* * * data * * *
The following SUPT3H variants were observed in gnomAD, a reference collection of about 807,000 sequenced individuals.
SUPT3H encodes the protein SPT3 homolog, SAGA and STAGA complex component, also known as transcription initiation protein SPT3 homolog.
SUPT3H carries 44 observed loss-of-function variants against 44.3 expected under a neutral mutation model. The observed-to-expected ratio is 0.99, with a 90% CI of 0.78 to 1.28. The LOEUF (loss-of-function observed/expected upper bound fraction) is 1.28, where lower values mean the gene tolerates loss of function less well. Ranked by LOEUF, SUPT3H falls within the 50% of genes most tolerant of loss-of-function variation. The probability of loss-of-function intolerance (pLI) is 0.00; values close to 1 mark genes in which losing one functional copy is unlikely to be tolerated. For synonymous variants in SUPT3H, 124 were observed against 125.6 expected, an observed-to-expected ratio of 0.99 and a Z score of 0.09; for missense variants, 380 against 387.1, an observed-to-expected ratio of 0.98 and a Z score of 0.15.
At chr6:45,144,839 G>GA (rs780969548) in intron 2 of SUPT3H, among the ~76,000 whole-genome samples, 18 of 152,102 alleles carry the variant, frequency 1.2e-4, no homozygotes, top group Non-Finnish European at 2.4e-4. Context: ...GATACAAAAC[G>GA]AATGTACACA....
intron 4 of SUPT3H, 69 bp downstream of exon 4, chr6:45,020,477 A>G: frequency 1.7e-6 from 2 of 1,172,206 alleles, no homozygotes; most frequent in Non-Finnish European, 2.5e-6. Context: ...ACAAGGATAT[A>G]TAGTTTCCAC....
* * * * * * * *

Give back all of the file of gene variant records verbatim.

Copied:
The following SUPT3H variants were observed in gnomAD, a reference collection of about 807,000 sequenced individuals.
SUPT3H encodes the protein SPT3 homolog, SAGA and STAGA complex component, also known as transcription initiation protein SPT3 homolog.
SUPT3H carries 44 observed loss-of-function variants against 44.3 expected under a neutral mutation model. The observed-to-expected ratio is 0.99, with a 90% CI of 0.78 to 1.28. The LOEUF (loss-of-function observed/expected upper bound fraction) is 1.28, where lower values mean the gene tolerates loss of function less well. Ranked by LOEUF, SUPT3H falls within the 50% of genes most tolerant of loss-of-function variation. The probability of loss-of-function intolerance (pLI) is 0.00; values close to 1 mark genes in which losing one functional copy is unlikely to be tolerated. For synonymous variants in SUPT3H, 124 were observed against 125.6 expected, an observed-to-expected ratio of 0.99 and a Z score of 0.09; for missense variants, 380 against 387.1, an observed-to-expected ratio of 0.98 and a Z score of 0.15.
At chr6:45,144,839 G>GA (rs780969548) in intron 2 of SUPT3H, among the ~76,000 whole-genome samples, 18 of 152,102 alleles carry the variant, frequency 1.2e-4, no homozygotes, top group Non-Finnish European at 2.4e-4. Context: ...GATACAAAAC[G>GA]AATGTACACA....
intron 4 of SUPT3H, 69 bp downstream of exon 4, chr6:45,020,477 A>G: frequency 1.7e-6 from 2 of 1,172,206 alleles, no homozygotes; most frequent in Non-Finnish European, 2.5e-6. Context: ...ACAAGGATAT[A>G]TAGTTTCCAC....